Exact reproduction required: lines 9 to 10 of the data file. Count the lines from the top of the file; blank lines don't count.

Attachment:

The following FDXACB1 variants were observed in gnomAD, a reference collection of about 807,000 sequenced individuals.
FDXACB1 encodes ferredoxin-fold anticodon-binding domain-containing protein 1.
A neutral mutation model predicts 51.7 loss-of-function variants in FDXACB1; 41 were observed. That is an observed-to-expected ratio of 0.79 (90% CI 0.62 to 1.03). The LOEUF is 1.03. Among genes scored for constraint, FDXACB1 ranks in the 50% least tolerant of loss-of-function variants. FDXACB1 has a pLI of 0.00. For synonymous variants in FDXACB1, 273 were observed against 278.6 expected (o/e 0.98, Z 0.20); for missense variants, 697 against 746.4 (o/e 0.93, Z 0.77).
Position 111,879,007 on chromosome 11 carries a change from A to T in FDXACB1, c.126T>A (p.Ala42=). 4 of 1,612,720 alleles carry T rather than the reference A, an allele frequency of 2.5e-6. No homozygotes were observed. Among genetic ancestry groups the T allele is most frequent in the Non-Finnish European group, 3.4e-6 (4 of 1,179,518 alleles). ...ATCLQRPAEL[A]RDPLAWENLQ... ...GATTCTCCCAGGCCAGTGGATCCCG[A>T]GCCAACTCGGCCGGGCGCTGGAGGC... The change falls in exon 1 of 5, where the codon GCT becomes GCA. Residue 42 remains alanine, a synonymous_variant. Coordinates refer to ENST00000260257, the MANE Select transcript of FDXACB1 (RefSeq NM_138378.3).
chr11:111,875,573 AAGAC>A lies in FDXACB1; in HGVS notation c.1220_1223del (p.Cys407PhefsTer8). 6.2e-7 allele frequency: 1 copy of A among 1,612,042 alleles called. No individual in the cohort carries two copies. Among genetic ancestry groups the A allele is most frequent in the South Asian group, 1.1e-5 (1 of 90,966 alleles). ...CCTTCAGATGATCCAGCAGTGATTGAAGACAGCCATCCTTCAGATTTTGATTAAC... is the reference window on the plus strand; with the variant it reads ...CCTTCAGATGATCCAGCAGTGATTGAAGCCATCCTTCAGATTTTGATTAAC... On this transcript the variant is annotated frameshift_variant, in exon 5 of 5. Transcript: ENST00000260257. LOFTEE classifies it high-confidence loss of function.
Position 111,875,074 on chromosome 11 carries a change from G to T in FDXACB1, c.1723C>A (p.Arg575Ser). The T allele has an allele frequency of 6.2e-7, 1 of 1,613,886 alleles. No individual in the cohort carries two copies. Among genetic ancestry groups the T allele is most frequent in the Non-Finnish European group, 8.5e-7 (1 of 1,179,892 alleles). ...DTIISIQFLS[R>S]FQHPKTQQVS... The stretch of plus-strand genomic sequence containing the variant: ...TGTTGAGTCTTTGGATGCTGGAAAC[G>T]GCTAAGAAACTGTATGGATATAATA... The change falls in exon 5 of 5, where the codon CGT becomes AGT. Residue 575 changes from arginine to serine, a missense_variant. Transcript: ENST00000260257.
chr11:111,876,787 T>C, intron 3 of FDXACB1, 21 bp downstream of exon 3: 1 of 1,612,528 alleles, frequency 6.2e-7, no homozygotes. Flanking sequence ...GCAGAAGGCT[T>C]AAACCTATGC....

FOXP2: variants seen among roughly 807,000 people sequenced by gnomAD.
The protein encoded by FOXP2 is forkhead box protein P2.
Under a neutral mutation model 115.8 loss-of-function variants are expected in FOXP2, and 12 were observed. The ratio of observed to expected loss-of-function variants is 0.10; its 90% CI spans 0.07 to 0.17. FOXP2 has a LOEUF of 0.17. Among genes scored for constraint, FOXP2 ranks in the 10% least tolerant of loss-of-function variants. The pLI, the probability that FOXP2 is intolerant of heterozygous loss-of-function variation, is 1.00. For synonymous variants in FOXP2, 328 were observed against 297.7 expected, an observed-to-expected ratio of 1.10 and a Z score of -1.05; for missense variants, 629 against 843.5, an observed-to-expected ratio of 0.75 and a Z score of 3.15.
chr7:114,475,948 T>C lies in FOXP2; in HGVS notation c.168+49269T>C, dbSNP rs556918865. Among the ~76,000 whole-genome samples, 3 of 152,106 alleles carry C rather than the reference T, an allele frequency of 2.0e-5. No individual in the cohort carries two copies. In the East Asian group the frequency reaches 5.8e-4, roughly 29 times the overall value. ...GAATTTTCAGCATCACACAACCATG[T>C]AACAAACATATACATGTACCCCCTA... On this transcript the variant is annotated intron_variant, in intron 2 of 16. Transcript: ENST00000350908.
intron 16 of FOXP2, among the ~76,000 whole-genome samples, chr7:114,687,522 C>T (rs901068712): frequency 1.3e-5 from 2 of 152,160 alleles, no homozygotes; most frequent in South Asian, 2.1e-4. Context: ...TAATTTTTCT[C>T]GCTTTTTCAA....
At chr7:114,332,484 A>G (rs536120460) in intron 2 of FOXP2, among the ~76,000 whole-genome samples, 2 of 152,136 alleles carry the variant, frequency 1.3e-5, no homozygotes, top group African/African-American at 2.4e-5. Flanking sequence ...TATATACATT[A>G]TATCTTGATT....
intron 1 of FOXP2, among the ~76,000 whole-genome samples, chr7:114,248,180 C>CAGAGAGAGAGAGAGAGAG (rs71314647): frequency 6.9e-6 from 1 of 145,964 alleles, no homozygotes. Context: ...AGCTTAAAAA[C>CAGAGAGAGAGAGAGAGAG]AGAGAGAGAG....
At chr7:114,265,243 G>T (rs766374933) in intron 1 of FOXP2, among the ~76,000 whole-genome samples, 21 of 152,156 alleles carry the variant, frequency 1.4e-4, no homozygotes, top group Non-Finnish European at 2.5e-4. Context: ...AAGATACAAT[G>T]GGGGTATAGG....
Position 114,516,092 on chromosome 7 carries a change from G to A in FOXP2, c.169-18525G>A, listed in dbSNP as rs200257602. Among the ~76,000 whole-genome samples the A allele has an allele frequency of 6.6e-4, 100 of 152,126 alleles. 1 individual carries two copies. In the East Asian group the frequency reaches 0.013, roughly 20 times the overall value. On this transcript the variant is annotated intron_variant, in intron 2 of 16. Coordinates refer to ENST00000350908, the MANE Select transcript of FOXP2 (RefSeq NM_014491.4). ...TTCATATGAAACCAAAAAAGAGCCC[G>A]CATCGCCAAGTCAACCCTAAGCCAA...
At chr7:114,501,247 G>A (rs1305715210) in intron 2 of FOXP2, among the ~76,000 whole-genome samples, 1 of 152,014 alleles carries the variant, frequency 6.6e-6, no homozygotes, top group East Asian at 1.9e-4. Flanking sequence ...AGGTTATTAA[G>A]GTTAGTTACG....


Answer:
The protein encoded by FOXP2 is forkhead box protein P2.
Under a neutral mutation model 115.8 loss-of-function variants are expected in FOXP2, and 12 were observed. The ratio of observed to expected loss-of-function variants is 0.10; its 90% CI spans 0.07 to 0.17. FOXP2 has a LOEUF of 0.17. Among genes scored for constraint, FOXP2 ranks in the 10% least tolerant of loss-of-function variants. The pLI, the probability that FOXP2 is intolerant of heterozygous loss-of-function variation, is 1.00. For synonymous variants in FOXP2, 328 were observed against 297.7 expected, an observed-to-expected ratio of 1.10 and a Z score of -1.05; for missense variants, 629 against 843.5, an observed-to-expected ratio of 0.75 and a Z score of 3.15.